A SMaRTer Way to Learn
U of I CEHHS Clinic Offers One-of-a-Kind Experience for Athletic Training
Most athletic training students can’t wait to graduate so they can find a job where they can try all the techniques and ideas they learned in school.
At University of Idaho, graduate students in athletic training don’t have to wait.
The cornerstone of the athletic training program is the Integrated Sports Medicine and Rehabilitative Clinic (ISMaRT), where students get to test the things they’ve learned on real patients in a functioning clinic before earning their degree.
‘They’re in Charge’
The graduate programs in athletic training at U of I were created to provide a unique learning experience. The hybrid learning model combines online instruction while students obtain meaningful hands-on experience in clinical rotations during the spring and fall semesters.
During the summer months, the ISMaRT Clinic is used as a classroom where students are exposed to a comprehensive approach to patient care. Students are given the freedom to direct care and lead the rehabilitation plan.
According to Jayme Baker, clinical assistant professor and director of therapy services, this clinical experience is what makes the athletic training program at U of I so valuable.
“Students get to practice all of the techniques and use everything in their toolbelt in a safe environment,” she said. “They get to determine the best way to treat their patients. They’re in charge.”
“Students get to practice all of the techniques and use everything in their toolbelt in a safe environment. They get to determine the best way to treat their patients. They’re in charge.”
— Jayme Baker, clinical assistant professor and director of therapy services
There are many different destinations for graduates in athletic training, from well-established high school, collegiate, professional sports and industrial applications, to emerging areas like military, law enforcement and non-traditional sports.
Students who have traveled any of those paths agree that nothing prepared them for their new career more than their time at the clinic.
“We provide students with training techniques for both physical and mental wellbeing, which work across multiple settings,” said Baker. “We want them to treat the whole person.”
‘Way Ahead of the Curve’
Ryne Schrader chose the graduate program at U of I because of the opportunities for hands-on experiences in athletics.
After completing rotations with regional collegiate and professional sports programs, Schrader said everything started to come together during his eight-week stint at the clinic.
He learned how important his experience was while working with another athletic trainer at a physical therapy clinic after graduation.
“My co-worker went to school at a much larger program and she felt lost,” said Schrader. “On the first day, I used all my experiences from working at ISMaRT and asked questions that surprised them. I realized I was way ahead of the curve.”
Schrader is the Head Academy Athletic Trainer for the Seattle Sounders.
Erica Nord learned about treating muscle injuries while rehabbing a professional basketball player. She now does the same thing for people who build cars as an injury prevention specialist/athletic trainer at Tesla’s auto manufacturing plant in Fremont, California.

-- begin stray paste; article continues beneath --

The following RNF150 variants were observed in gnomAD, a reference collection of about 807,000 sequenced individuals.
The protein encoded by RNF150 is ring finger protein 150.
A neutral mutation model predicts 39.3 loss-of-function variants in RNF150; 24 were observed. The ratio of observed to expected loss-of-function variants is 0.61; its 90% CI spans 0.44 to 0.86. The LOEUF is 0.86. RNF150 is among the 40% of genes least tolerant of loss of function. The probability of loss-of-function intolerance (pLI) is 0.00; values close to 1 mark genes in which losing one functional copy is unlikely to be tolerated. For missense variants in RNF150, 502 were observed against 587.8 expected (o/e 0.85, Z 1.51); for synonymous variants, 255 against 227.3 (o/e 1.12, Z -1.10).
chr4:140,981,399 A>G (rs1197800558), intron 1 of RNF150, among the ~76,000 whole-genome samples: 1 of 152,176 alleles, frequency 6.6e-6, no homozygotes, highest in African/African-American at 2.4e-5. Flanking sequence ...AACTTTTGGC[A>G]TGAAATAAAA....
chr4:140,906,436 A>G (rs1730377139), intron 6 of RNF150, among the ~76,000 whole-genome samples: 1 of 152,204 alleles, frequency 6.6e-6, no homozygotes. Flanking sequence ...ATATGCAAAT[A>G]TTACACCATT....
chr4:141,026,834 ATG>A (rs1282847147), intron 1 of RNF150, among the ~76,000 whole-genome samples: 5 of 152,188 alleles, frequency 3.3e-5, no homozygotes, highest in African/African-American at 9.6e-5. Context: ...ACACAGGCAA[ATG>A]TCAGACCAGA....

Nord discovered the field of athletic training while operating her former business, Peak Performance AT. Wanting to learn more, she enrolled at U of I and spent more than a semester at the clinic. Nord said the graduate program’s combination of rotations followed by working in the clinic created an ideal learning environment for her.
“The clinic is where you pull everything together,” she said. “It’s where everything you’ve heard and watched starts to make sense.”
Richard Ong’s mission is to talk about non-physical health problems. That was a big reason he chose U of I’s graduate program.
“The philosophy of athletic training is very different here,” said Ong, a doctoral candidate and clinical trainer. “In addition to the physical aspects of health care, they also talk about the non-physical acts like spirituality and mental health.”
As to the physical side of learning, Ong appreciates being able to witness students putting the puzzle pieces together in his role at the clinic.
“It’s amazing how much they grow in an eight-week session,” he said. “You can see thought processes and demeanors change. It’s cool to see growth in action.”
‘A Little Bit of Everything’
Ryan Clark, an athletic trainer at U of I, decided to switch gears after three years of service with the Coeur d’Alene Police Department. He eventually wants to find a way to rejoin that community with his new passion.
“Ideally, I’d love to do athletic or physical training with the military or law enforcement,” Clark said. “My family is all law enforcement and athletic training is something that I really enjoy doing.”
He spent a total of three semesters with U of I Athletics Department and at the clinic while pursuing his graduate degree. Clark realized this time fully prepared him to use athletic training in a non-sports related field.
“We got to see different types of patients – a little bit of everything,” he said. “You can’t get that type of experience anywhere else.”
Article by David Jackson, University Communications and Marketing.
Photos by University of Idaho Creative Services, Ryne Schrader, Erica Nord, Richard Ong and Ryan Clark.
Published in May 2022.